1

I'm trying to get a list of some entity with all sub-entities using LINQ but none of the methods I used works correctly. Here is the classes structure:

public class License {
   public virtual Product Product {get; set}
   . . . . . . 
   //some other License properties
   . . . . . . 
}

public class LicenseUser {
   public virtual Account User { get; set;}
   public virtual License License { get; set; }
}

I'm trying to get the list of licenses for some user but each License object must contain Product as well. Any query I've tried returned list of license with "null" value in Product property.
Here are the examples LINQ queries what I've tried:

var licenses = context.LicenseUsers
    .Include(lu => lu.License.Product)
    .Where(lu => lu.User.Id == 1)
    .Select(lu => lu.License)
    .ToList();

or

var licenses = context.LicenseUsers
    .Include(lu => lu.License).ThenInclude(l => l.Product)
    .Where(lu => lu.User.Id == 1)
    .Select(lu => lu.License)
    .ToList();

I'm sure that the records we get by these queries contains valid reference to Products table (ProductId field is not null). I also checked the SQL generated by this LINQ request (using Diagnostic Tools). As expected it does not contains a JOIN statement for Products table.

Is there a correct way to get necessary result?

3

This is a bit counter-intuitive, but the problem is that your Select is filtering out what the SQL query contains.

So you may want to force EF to include the product in the SQL too (using an anonymous object that contains both the license and its product) and then convert to a License collection in-memory:

var licenses = context.LicenseUsers
  .Include(lu => lu.License.Product)
  .Where(lu => lu.User.Id == 1)
  .Select(lu => new { lic = lu.License, prod = lu.License.Product } )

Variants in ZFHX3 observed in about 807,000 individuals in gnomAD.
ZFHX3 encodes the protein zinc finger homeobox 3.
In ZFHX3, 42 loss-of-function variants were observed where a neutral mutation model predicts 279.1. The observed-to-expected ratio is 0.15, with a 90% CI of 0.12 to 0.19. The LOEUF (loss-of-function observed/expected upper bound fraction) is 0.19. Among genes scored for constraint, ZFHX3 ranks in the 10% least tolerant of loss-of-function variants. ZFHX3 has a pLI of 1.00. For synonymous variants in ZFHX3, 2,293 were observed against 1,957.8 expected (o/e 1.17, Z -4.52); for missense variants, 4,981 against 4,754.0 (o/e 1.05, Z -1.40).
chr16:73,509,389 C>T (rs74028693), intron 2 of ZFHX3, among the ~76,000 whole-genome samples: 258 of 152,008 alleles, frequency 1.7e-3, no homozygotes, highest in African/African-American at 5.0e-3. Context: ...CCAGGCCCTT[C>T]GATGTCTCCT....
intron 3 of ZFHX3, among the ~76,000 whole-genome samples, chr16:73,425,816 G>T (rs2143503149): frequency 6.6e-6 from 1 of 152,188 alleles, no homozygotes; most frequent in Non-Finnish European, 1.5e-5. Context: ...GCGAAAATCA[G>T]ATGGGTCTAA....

.AsEnumerable()  // Here we have forced the SQL to include the product too
  .Select(lu => lu.lic)
  .ToList(); // Then we select (locally) only the license for convenience 
             // (so that our collection is of type License)
             // Since the SQL Query actually loaded the products
             // the references will be ok
| improve this answer | |
  • Instead of the first .ToList() you could probably use a .AsEnumerable(). In this way the second .Select would still be a Enumerable.Select instead of a Queryable.Select and would be executed locally. – xanatos Mar 18 '16 at 9:37
  • @xanatos yep, you are right... I'm not sure one would be better than the other, but yeah, using AsEnumerable() sounds better, I'll edit :-) – Jcl Mar 18 '16 at 9:52
  • We came to the similar solution but it's not necessary to make that additional Select after Where and return an anonymous type object. The list of LicenseUser object returned after Where contains all necessary info already. – Sergiy Mar 22 '16 at 6:40
  • Definitely. It was for convenience – Jcl Mar 22 '16 at 6:43
2

Well, I'm quite new to this myself but this might give you an idea.

According to this MSDN article, to eagerly load multiple levels, you could try something like this:

var licenses = context.LicenseUsers
    .Where(lu => lu.User.Id == 1)
    .Include(lu => lu.License.Select(p => p.Product))
    .ToList();

And checking with other examples, as Alexander said, Where() should be before Include() in any case.